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Former President Jiang Zemin, who guided China’s rise, dies

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BEIJING (AP) — Former President Jiang Zemin, who led China out of isolation after the army crushed the Tiananmen Square pro-democracy protests in 1989 and supported economic reforms that led to a decade of explosive growth, died Wednesday. He was 96.

Jiang died of leukemia and multiple organ failure in Shanghai, where he was a former mayor and Communist Party secretary, state TV and the official Xinhua News Agency reported.

A surprise choice to lead a divided Communist Party after the 1989 turmoil, Jiang saw China through history-making changes including a revival of market-oriented reforms, the return of Hong Kong from British rule in 1997 and Beijing’s entry into the World Trade Organization in 2001.

Even as China opened to the outside, Jiang’s government stamped out dissent. It jailed human rights, labor and pro-democracy activists and banned the Falun Gong spiritual movement, which the ruling party saw as a threat to its monopoly on power.

Jiang gave up his last official title in 2004 but remained a force behind the scenes in the wrangling that led to the rise of current President Xi Jinping, who took power in 2012.

Xi has tightened political control, crushed China’s little remaining dissent and reasserted the dominance of state industry.

Rumors that Jiang might be in declining health spread after he missed a ruling party congress in October at which Xi, China’s most powerful figure since at least the 1980s, broke with tradition and awarded himself a third five-year term as leader.

Jiang was on the verge of retirement as Shanghai party leader in 1989 when he was drafted by then-paramount leader leader Deng Xiaoping to pull together the party and nation. He succeeded Zhao Ziyang, who was dismissed by Deng due to his sympathy for the student-led Tiananmen Square protesters and was held under house arrest until his 2005 death.

In 13 years as party general secretary, China’s most powerful post, Jiang guided the country’s rise to economic power by welcoming capitalists into the ruling party and pulling in foreign investment after China joined the WTO. China passed Germany and then Japan to become the second-largest economy after the United States.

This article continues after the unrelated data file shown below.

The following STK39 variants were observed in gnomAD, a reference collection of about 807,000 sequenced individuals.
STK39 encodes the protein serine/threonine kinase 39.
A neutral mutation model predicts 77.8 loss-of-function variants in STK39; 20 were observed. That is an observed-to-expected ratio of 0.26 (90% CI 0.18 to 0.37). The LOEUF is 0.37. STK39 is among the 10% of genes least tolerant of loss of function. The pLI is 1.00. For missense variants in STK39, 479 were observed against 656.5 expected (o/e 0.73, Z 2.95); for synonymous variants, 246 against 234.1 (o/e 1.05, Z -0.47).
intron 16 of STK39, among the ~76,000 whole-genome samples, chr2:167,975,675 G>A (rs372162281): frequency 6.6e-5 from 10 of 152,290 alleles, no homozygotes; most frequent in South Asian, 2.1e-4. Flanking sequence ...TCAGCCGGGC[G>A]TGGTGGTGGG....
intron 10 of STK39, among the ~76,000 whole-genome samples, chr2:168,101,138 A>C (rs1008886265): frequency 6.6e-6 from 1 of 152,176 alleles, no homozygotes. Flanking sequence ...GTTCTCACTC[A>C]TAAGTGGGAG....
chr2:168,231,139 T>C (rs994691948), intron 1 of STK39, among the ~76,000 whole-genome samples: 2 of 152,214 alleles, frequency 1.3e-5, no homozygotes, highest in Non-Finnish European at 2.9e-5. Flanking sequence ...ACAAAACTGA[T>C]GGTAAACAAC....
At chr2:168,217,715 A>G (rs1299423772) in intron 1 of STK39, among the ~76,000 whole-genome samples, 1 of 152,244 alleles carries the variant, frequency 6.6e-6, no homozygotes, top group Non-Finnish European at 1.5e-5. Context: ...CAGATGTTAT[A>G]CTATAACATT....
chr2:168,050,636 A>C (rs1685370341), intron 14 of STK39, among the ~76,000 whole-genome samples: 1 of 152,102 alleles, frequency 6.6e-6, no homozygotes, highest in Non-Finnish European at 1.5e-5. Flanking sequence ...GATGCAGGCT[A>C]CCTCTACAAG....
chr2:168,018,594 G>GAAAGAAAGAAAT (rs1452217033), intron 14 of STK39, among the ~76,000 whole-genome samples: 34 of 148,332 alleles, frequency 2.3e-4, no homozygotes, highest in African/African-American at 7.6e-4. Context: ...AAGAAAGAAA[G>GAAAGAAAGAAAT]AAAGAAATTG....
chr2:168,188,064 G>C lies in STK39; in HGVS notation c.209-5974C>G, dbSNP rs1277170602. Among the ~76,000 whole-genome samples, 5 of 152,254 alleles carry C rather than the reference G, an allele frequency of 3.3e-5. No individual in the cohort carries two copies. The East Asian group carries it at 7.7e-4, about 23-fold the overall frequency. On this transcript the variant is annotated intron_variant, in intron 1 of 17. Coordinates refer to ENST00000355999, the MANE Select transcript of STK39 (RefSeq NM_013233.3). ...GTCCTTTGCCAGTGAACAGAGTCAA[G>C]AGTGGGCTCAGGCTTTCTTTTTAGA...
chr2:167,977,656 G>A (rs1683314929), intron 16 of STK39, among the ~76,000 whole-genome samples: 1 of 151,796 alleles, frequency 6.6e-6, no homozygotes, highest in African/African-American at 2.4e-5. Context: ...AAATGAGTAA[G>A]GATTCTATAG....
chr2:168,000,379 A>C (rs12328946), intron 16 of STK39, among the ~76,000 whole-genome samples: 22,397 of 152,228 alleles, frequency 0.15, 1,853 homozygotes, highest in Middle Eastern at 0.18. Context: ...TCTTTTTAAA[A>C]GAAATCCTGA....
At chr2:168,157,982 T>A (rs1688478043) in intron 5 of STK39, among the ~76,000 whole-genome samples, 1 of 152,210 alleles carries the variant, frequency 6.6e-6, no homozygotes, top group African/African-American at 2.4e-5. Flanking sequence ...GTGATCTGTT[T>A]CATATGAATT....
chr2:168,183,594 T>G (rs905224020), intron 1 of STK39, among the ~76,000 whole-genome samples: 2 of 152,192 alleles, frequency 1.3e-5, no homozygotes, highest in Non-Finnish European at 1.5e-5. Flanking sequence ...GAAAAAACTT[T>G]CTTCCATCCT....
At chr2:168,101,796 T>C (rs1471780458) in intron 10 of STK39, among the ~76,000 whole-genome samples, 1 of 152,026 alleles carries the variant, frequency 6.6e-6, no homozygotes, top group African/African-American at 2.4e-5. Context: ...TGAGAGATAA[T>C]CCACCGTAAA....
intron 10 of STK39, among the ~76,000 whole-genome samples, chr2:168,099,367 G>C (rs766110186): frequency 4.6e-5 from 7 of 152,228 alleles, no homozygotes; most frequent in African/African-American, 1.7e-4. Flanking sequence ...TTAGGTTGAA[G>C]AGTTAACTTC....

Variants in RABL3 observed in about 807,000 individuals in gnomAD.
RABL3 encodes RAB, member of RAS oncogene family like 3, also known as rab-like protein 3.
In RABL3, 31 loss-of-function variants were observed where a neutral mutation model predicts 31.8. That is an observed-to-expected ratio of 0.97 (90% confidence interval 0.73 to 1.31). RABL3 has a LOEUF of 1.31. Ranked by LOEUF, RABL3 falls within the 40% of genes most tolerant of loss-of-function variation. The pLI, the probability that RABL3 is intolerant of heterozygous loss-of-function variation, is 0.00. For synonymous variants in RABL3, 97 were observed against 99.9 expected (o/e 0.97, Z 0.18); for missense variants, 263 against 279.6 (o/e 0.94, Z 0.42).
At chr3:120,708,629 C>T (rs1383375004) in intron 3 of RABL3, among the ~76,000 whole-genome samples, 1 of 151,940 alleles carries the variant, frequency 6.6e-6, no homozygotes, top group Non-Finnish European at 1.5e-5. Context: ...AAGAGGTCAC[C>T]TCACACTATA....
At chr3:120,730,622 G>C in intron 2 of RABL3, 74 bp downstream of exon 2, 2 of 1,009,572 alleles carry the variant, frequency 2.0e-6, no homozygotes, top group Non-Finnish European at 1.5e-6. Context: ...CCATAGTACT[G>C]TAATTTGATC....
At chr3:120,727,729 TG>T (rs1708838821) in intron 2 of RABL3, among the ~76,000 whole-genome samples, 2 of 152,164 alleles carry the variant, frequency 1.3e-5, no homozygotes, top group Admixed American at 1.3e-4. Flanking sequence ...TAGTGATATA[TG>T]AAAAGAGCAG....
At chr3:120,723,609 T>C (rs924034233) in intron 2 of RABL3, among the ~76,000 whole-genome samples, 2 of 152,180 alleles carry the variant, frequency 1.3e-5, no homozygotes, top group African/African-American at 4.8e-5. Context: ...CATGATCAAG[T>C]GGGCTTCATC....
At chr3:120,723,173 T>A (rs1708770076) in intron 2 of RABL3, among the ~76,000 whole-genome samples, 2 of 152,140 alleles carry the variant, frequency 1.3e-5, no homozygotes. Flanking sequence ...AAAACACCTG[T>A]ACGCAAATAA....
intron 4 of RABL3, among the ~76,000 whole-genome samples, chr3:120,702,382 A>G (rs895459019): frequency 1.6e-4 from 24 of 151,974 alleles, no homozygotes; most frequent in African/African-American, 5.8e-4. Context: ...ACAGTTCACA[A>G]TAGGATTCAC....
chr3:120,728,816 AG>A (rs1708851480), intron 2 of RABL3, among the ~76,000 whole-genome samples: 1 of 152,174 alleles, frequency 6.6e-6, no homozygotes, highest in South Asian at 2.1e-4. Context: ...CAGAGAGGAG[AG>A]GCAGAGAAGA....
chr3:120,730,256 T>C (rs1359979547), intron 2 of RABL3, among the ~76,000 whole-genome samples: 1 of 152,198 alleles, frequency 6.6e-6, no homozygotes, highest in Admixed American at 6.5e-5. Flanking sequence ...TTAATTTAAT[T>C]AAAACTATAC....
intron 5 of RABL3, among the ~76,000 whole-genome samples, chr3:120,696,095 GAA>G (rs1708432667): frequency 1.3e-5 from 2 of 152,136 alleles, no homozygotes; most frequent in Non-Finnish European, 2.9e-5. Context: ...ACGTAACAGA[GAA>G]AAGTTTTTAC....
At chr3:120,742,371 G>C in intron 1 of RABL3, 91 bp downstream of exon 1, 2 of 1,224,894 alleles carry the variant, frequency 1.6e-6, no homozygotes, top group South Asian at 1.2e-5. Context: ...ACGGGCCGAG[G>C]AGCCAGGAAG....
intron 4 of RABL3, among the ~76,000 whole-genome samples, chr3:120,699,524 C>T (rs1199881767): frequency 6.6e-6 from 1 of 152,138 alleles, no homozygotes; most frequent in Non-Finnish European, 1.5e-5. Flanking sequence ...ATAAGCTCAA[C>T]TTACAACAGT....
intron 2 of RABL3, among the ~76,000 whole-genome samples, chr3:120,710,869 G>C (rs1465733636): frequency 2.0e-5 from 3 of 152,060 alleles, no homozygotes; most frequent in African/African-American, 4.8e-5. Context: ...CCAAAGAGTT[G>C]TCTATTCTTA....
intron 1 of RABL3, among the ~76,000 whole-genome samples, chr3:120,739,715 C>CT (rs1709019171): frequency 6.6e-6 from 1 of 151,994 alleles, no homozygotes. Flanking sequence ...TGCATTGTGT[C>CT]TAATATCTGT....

Jiang captured a political prize when Beijing was picked as the site of the 2008 Summer Olympics after failing in an earlier bid.

A former soap factory manager, Jiang capped his career with the communist era’s first orderly succession, handing over his post as party leader in 2002 to Hu Jintao, who also took the ceremonial title of president the following year.

Jiang tried to hold onto influence by staying on as chairman of the Central Military Commission, which controls the party’s military wing, the 2 million-member People’s Liberation Army. He gave up that post in 2004 following complaints he might divide the government.

Even after he left office, Jiang had influence over promotions through his network of proteges.

He was said to be frustrated that Deng had picked Hu as the next leader, blocking Jiang from installing his own successor. But Jiang was considered successful in elevating allies to the party’s seven-member Standing Committee, China’s inner circle of power, when Xi became leader in 2012.

Portly and owlish in oversize glasses, Jiang was an ebullient figure who played the piano and enjoyed singing, in contrast to his more reserved successors, Hu and Xi.

He spoke enthusiastic if halting English and would recite the Gettysburg Address for foreign visitors. On a visit to Britain, he tried to coax Queen Elizabeth II into singing karaoke.

Jiang had faded from public sight and last appeared publicly alongside current and former leaders atop Beijing’s Tiananmen Gate at a 2019 military parade celebrating the party’s 70th anniversary in power.

Jiang was born Aug. 17, 1926, in the affluent eastern city of Yangzhou. Official biographies downplay his family’s middle-class background, emphasizing instead his uncle and adoptive father, Jiang Shangqing, an early revolutionary who was killed in battle in 1939.

After graduating from the electrical machinery department of Jiaotong University in Shanghai in 1947, Jiang advanced through the ranks of state-controlled industries, working in a food factory, then soap-making and China’s biggest automobile plant.

Like many technocratic officials, Jiang spent part of the ultra-radical 1966-76 Cultural Revolution as a farm laborer. His career rise resumed, and in 1983 he was named minister of the electronics industry, then a key but backward sector the government hoped to revive by inviting foreign investment.

As mayor of Shanghai in 1985-89, Jiang impressed foreign visitors as a representative of a new breed of outward-looking Chinese leaders.

A tough political fighter, Jiang defied predictions that his stint as leader would be short. He consolidated power by promoting members of his “Shanghai faction” and giving the military double-digit annual percentage increases in spending.

Foreign leaders and CEOs who shunned Beijing after the crackdown were persuaded to return.

When Deng emerged from retirement in 1992 to push for reviving market-style reform in the face of conservative opposition after the Tiananmen crackdown, Jiang followed.

He supported Premier Zhu Rongji, the party’s No. 3 leader, who forced through painful changes that slashed as many as 40 million jobs from state industry in the late 1990s.

Zhu launched the privatization of urban housing, igniting a building boom that transformed Chinese cities into forests of high-rises and propelled economic growth.

After 12 years of negotiations and a flight by Zhu to Washington to lobby the Clinton administration for support, China joined the WTO in 2001, cementing its position as a magnet for foreign investment.

Despite a genial public image, Jiang dealt severely with challenges to ruling party power.

His highest-profile target was Falun Gong, a meditation group founded in the early ’90s. Chinese leaders were spooked by its ability to attract tens of thousands of followers, including military officers.